Lessons From The 2017 Zen Planner Yearly Report

Lessons From The 2017 Zen Planner Yearly Report

An In Depth Analysis of the Recent Zen Planner Yearly Report By OPEX Fitness CEO Jim Crowell

Every year, Zen Planner produces a financial report compiled from surveys of all of the gyms in their Customer Relationship Management (CRM) system. Information such as member size, rent expense, number of instructors, and types of classes offered is compiled and analyzed to benefit their community and the fitness industry as a whole. We can learn a great deal about the fitness industry, how to run a gym, and how to determine what success means by taking a look at this report.

I wrote an article last year discussing Zen Planner’s 2016 Affiliate Report, and when the new report dropped this year, I thought it would be interesting to take a look back at what had changed year to year and what this information can allow gym owners to do.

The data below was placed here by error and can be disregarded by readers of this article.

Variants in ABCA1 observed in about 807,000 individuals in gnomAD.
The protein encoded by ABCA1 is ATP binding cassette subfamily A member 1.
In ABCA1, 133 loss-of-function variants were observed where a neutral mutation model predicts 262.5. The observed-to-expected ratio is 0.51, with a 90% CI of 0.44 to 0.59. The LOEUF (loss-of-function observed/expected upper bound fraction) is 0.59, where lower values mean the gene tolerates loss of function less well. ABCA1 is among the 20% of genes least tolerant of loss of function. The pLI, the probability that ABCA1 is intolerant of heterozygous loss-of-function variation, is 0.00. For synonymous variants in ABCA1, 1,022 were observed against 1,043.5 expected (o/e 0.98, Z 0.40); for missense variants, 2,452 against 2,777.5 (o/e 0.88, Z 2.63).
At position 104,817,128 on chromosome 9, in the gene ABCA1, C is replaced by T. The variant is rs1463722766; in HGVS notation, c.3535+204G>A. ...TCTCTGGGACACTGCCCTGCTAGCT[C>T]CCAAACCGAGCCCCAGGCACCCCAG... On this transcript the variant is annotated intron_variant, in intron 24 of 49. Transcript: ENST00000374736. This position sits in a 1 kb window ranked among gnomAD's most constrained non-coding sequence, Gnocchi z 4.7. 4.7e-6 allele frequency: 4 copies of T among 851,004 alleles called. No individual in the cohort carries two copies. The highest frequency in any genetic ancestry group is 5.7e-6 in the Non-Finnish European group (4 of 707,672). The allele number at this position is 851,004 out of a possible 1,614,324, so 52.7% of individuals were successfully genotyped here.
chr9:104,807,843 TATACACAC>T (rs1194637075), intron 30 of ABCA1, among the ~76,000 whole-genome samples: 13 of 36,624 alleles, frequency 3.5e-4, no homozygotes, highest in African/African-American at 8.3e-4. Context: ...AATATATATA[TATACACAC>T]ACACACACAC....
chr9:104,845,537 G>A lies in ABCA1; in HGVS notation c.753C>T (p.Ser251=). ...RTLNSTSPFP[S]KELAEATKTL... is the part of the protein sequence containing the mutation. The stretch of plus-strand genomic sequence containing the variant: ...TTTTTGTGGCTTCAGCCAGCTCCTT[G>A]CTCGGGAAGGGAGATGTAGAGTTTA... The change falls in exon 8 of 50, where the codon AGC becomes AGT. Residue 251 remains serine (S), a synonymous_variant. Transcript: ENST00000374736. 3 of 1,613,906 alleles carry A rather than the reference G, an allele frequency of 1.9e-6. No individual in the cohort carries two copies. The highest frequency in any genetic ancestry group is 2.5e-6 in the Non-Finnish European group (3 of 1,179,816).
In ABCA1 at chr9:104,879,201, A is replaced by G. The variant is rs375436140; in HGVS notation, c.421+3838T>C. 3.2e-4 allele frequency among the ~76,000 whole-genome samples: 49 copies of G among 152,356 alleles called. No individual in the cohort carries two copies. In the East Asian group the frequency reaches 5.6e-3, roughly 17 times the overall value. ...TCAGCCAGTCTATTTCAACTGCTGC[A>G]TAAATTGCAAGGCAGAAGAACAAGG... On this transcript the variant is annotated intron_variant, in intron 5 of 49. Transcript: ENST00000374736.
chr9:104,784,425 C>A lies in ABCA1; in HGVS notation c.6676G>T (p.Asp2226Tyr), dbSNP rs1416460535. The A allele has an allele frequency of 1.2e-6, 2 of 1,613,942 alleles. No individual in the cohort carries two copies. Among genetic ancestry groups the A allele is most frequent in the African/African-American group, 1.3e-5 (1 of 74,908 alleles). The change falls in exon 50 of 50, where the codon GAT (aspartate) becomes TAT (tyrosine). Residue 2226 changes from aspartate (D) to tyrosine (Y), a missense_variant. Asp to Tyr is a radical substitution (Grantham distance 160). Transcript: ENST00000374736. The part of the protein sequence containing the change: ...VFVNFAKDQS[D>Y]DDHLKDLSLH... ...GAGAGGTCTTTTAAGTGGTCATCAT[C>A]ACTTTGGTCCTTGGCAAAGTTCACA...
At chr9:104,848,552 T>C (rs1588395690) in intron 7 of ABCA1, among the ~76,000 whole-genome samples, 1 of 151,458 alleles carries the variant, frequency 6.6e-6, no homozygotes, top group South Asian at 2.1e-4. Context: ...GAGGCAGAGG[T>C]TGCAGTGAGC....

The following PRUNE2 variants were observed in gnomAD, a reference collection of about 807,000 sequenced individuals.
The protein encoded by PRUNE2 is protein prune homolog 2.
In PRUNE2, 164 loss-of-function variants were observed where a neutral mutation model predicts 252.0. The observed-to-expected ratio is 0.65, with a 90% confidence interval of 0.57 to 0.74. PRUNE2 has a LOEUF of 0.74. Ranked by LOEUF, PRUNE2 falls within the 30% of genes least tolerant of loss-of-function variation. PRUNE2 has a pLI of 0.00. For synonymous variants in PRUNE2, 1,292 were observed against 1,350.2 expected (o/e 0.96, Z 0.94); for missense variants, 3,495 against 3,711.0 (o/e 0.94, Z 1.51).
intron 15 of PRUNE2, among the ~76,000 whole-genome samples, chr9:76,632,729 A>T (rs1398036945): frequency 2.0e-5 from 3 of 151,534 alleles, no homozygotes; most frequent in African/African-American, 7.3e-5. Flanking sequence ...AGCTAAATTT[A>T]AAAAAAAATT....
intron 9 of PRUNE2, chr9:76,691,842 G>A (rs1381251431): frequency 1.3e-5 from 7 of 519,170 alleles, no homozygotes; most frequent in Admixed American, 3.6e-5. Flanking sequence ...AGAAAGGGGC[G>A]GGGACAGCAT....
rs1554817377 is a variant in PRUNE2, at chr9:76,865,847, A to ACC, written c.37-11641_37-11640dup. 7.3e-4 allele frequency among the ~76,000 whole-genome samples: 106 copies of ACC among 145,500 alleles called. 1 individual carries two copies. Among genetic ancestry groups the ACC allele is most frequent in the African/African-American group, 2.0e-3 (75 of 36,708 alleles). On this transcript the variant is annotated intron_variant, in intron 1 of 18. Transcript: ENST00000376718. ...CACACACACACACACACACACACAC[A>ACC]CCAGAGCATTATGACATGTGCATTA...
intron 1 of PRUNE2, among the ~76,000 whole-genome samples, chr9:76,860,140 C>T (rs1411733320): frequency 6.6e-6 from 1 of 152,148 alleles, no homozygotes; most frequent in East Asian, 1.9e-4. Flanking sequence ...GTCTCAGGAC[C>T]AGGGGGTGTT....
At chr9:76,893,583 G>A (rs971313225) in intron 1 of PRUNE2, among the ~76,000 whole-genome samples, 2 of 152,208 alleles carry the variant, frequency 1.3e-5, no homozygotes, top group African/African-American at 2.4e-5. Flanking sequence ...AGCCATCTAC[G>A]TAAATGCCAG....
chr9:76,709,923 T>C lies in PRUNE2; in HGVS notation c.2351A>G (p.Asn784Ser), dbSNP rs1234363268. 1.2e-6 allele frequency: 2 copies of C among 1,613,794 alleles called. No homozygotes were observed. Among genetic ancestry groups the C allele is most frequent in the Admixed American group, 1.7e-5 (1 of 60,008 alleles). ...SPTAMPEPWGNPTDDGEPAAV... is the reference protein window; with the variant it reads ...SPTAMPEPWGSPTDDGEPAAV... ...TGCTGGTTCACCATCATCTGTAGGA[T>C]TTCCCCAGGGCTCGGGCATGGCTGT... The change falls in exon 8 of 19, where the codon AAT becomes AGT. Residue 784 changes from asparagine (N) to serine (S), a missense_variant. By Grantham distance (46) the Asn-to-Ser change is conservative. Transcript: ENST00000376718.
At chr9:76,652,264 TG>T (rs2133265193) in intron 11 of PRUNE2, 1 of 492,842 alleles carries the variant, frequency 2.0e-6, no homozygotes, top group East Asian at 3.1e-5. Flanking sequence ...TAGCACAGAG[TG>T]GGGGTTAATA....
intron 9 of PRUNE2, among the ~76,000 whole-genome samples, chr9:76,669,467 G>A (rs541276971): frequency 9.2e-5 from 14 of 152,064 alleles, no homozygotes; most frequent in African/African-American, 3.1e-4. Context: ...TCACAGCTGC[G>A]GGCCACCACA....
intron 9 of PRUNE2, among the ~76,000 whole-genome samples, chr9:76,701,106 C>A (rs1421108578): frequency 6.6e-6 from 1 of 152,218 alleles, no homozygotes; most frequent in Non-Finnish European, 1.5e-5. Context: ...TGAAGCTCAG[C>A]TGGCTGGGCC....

My goal with writing this is to help coaches and gym owners sift through this mountain of data to help them use it effectively in their own gyms and business practices. Now for my favorite part, let’s take a look at the new exciting data!

Context Is Everything

Zen Planner curates information that would only be helpful to gym owners. People, like myself, who crave context will want to understand more information than would be beneficial to Zen Planner to put out. The rest of this article will be fashioned as an attempt to gain clarity and context from the large amount of data that Zen Planner presented. Without context, recommendations would be foolish.

The first contextual idea I want to throw out is that Zen Planner defined success as net profit. I get why they did that, but everybody and every gym has a different definition of success. As a coach or gym owner, you owe it to yourself to decide how you will define, track, and improve your success every month you’re open. Perhaps it’s net income only. If so, you will be forced to make concessions to your coaches and clients in favor of cash. If you’re unwilling to do that, merely tweak your definition of success. When you go after what inspires you, you will have more fulfillment and develop a platform to succeed financially long-term.